Temporary Agency Refused Job to Laborer Because She Was in a Medically Supervised Drug Rehabilitation Program, Federal Agency Charged
BALTIMORE - Baltimore-based temporary labor agency Randstad, US, LP, will pay $50,000 and furnish significant equitable relief to settle a federal disability discrimination lawsuit, the U.S. Equal Employment Opportunity Commission (EEOC) announced today.
EEOC said that after April Cox applied with Randstad in Timonium, Md., for a vacant production laborer position at one of the staffing agency's clients, Randstad deemed her qualified to advance to the next part of the hiring process. When Randstad's site manager asked Cox to provide a urine sample for a pre-employment drug test, Cox disclosed that she was in a medically supervised methadone treatment program. The site manager told Cox, "I'm sure we don't hire people on methadone, but I will contact my supervisor," according to the suit. EEOC charged that even though Cox repeatedly called back and informed the site manager that she did not have any medical restrictions from performing the laborer job, Randstad told Cox it would not hire her because she used methadone.
Such alleged conduct violates the Americans with Disabilities Act, which prohibits disability discrimination. EEOC filed suit (EEOC v. Randstad, US, LP, Civil Action No.RDB-15-3354) in U.S. District Court for the District of Maryland, Baltimore Division, after first attempting to reach a pre-litigation settlement through its conciliation process.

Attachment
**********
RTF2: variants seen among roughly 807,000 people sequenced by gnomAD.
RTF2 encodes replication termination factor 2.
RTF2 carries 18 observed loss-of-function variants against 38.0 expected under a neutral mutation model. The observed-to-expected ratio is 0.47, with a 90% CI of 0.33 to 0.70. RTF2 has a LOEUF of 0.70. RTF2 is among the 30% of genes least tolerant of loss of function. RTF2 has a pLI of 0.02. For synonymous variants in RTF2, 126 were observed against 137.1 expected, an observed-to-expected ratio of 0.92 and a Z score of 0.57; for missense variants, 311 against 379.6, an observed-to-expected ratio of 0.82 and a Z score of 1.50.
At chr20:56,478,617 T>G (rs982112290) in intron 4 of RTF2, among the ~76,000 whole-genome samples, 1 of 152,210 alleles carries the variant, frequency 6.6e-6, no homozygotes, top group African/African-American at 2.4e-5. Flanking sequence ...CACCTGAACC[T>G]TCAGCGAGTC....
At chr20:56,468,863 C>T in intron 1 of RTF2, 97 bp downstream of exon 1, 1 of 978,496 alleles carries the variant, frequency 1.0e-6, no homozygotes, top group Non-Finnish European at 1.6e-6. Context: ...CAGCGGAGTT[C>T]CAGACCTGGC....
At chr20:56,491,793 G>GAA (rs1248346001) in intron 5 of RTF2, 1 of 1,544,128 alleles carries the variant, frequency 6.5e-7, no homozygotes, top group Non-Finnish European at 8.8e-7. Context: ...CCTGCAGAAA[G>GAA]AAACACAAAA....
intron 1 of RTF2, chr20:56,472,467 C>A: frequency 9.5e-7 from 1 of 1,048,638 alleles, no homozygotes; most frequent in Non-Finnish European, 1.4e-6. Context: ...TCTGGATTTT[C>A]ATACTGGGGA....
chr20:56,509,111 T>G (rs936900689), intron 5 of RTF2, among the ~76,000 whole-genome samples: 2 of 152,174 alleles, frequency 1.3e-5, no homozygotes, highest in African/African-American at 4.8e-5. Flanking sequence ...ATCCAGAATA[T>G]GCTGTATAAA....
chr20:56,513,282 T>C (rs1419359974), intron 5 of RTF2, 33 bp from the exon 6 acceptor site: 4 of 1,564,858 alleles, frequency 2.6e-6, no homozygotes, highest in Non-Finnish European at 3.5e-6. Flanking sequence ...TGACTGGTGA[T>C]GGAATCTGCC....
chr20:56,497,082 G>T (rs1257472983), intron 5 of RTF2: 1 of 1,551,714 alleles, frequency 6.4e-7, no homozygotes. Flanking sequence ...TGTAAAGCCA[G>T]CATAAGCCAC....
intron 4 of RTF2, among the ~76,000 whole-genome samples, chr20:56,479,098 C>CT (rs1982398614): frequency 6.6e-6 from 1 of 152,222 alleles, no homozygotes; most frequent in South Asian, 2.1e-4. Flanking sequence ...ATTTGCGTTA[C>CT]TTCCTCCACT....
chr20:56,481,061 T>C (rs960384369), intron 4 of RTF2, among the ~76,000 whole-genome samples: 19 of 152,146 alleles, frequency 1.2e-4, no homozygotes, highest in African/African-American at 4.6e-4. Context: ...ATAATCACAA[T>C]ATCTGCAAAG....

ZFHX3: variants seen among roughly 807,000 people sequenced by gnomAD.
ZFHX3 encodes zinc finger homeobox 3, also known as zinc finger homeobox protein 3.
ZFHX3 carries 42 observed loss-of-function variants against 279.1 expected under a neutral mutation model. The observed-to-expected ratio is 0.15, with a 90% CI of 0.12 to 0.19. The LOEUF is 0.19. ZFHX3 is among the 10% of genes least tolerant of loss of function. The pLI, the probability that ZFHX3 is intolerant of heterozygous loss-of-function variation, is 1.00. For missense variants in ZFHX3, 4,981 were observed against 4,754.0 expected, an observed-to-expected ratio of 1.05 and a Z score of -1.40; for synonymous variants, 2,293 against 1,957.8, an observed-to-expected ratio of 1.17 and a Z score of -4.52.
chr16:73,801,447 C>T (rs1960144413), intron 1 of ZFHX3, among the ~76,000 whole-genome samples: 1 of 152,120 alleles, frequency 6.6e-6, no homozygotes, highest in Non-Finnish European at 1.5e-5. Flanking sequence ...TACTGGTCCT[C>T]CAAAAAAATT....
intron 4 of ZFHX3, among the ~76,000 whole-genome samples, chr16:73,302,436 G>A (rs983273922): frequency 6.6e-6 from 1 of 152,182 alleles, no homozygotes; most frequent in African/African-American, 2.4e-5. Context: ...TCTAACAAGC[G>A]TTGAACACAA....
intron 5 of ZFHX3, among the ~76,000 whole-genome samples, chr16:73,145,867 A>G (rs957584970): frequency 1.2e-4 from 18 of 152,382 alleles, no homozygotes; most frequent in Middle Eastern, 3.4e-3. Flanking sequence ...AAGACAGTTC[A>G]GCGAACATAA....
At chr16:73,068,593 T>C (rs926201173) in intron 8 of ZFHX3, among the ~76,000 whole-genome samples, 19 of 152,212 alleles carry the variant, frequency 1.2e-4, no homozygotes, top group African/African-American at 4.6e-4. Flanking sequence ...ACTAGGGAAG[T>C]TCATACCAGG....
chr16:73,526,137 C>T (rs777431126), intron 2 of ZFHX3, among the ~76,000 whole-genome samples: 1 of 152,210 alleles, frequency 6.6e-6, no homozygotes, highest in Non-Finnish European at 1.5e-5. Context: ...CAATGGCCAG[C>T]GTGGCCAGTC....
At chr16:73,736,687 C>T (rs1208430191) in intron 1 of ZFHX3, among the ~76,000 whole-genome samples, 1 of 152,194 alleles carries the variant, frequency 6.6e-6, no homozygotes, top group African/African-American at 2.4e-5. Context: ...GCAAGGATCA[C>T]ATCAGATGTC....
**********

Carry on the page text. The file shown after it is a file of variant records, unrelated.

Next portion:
"While employers may conduct pre-employment drug tests for illegal drug use, medically prescribed methadone is a well-known and effective treatment for individuals recovering from drug addiction," EEOC Philadelphia District Director Spencer H. Lewis, Jr. said. "Thus, employers violate the ADA if they refuse to hire a qualified applicant based on fears or stereotypes about an applicant's disability or medically supervised drug rehabilitation."
In addition to the $50,000 in monetary relief to Cox, the 18-month consent decree resolving the lawsuit enjoins Randstad from violating the ADA in the future. Randstad will advise all employees responsible for conducting pre-employment drug screenings that applicants shall not be rejected for hire because of a lawful prescribed medication (including methadone) or participation in a treatment program. The company will regularly report to EEOC on its compliance with the consent decree. Randstad will also provide training on the ADA and its protections regarding the use of lawfully prescribed medications and will post a notice about the laws EEOC enforces and the settlement.
EEOC Regional Attorney Debra M. Lawrence said, "EEOC is pleased that Randstad worked with us to resolve this matter quickly and satisfactorily. In addition to the monetary relief, the settlement provides important equitable relief, including ADA training and mandatory reporting to EEOC, to protect applicants and employees from disability discrimination."
EEOC's Philadelphia District Office has jurisdiction over Pennsylvania, Maryland, Delaware, West Virginia and parts of New Jersey and Ohio. Attorneys in EEOC's Philadelphia District Office also prosecute discrimination cases in Washington, D.C. and parts of Virginia.
EEOC enforces federal laws prohibiting employment discrimination. Further information about the agency is available at its website, www.eeoc.gov.